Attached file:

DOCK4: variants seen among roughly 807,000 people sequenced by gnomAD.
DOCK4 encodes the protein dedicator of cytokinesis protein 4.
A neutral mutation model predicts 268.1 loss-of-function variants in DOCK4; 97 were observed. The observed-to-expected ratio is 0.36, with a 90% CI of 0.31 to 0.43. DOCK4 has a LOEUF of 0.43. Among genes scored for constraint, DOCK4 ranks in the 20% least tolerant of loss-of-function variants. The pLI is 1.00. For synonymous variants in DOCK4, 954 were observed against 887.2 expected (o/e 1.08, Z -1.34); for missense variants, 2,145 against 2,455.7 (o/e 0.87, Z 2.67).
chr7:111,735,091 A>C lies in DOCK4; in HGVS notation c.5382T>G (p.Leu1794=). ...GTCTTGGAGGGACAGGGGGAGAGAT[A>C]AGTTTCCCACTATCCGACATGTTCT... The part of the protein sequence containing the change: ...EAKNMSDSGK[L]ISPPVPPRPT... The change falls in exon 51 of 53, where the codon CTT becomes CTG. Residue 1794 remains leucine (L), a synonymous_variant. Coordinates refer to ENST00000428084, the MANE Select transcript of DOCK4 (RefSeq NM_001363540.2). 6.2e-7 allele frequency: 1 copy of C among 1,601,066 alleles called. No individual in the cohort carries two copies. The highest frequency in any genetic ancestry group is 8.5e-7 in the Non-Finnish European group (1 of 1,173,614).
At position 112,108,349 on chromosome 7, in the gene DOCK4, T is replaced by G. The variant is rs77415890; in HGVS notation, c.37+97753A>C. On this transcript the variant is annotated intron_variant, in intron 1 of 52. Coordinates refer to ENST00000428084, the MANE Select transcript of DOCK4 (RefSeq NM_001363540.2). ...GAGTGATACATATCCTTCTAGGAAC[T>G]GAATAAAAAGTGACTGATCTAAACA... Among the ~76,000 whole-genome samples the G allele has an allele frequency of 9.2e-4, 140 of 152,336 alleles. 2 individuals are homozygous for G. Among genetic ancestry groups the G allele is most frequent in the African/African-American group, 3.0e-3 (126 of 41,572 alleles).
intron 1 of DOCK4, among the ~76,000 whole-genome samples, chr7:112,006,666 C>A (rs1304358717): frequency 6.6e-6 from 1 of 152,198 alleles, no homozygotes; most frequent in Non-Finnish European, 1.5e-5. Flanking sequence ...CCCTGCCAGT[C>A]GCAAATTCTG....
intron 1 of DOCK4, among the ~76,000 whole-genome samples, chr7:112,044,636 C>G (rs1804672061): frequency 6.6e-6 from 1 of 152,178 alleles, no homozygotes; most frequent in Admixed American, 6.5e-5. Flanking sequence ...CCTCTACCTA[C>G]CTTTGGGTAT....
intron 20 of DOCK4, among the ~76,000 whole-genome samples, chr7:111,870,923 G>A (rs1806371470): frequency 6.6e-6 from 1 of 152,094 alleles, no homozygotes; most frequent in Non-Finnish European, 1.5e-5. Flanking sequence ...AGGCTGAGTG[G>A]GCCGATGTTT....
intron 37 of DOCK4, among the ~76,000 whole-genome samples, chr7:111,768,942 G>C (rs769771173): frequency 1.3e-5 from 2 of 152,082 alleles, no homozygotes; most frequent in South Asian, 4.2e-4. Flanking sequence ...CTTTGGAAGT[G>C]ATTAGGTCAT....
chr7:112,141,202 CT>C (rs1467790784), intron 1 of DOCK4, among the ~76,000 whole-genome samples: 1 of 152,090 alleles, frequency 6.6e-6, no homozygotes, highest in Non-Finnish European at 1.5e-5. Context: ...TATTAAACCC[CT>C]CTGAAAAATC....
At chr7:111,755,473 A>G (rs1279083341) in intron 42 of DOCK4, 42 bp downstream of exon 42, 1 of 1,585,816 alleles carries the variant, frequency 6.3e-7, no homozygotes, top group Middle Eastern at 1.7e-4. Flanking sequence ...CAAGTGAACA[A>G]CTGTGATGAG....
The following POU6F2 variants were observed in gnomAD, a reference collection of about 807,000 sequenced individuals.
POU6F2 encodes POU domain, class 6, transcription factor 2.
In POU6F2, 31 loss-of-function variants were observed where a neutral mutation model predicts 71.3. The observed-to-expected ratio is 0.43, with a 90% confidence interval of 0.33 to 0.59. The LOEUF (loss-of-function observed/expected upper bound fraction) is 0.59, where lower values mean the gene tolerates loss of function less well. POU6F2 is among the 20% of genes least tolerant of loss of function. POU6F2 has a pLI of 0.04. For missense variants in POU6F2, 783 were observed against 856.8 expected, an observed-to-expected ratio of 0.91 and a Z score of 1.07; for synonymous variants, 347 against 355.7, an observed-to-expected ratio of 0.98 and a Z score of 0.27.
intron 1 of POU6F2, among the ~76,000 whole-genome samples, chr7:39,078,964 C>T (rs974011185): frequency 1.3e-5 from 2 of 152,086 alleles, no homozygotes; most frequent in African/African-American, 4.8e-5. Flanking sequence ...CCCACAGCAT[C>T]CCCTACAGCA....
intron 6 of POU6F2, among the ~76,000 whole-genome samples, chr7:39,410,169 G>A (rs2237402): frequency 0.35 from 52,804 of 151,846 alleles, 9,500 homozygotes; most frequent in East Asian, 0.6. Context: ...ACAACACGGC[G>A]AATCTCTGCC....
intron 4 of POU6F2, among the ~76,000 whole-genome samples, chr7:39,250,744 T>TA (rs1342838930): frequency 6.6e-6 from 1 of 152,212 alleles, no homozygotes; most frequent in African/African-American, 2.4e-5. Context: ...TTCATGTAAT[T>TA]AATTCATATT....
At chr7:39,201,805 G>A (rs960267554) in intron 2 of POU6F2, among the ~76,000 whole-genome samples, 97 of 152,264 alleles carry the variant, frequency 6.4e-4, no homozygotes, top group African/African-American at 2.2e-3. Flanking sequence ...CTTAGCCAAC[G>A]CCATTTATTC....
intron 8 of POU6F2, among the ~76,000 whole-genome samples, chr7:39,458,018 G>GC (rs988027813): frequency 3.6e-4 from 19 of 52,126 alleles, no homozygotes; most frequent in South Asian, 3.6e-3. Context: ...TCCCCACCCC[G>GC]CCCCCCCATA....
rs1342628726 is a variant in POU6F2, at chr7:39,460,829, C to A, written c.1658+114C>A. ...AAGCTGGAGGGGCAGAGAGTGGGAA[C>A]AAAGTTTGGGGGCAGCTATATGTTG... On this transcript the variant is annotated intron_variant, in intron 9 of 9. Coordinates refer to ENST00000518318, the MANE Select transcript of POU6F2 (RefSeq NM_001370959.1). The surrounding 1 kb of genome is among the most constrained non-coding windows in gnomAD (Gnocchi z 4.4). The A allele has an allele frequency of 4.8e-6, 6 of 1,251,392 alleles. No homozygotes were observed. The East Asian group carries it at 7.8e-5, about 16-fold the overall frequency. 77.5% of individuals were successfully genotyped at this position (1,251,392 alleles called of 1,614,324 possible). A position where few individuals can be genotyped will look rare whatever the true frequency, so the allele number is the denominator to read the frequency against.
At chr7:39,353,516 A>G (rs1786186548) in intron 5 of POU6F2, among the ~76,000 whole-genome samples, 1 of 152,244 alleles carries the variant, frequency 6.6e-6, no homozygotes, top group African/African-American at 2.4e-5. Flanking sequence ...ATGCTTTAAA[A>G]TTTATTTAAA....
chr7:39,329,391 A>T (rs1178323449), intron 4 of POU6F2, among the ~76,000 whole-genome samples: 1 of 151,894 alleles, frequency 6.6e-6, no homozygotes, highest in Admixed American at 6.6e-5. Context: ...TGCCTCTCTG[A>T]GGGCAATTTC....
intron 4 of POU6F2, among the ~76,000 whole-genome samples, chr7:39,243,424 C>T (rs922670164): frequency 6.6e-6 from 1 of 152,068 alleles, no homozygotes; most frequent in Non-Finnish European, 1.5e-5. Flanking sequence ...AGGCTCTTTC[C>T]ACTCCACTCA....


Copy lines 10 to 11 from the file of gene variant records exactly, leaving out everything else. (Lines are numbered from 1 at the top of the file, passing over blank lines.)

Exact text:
chr7:112,141,202 CT>C (rs1467790784), intron 1 of DOCK4, among the ~76,000 whole-genome samples: 1 of 152,090 alleles, frequency 6.6e-6, no homozygotes, highest in Non-Finnish European at 1.5e-5. Context: ...TATTAAACCC[CT>C]CTGAAAAATC....
At chr7:111,755,473 A>G (rs1279083341) in intron 42 of DOCK4, 42 bp downstream of exon 42, 1 of 1,585,816 alleles carries the variant, frequency 6.3e-7, no homozygotes, top group Middle Eastern at 1.7e-4. Flanking sequence ...CAAGTGAACA[A>G]CTGTGATGAG....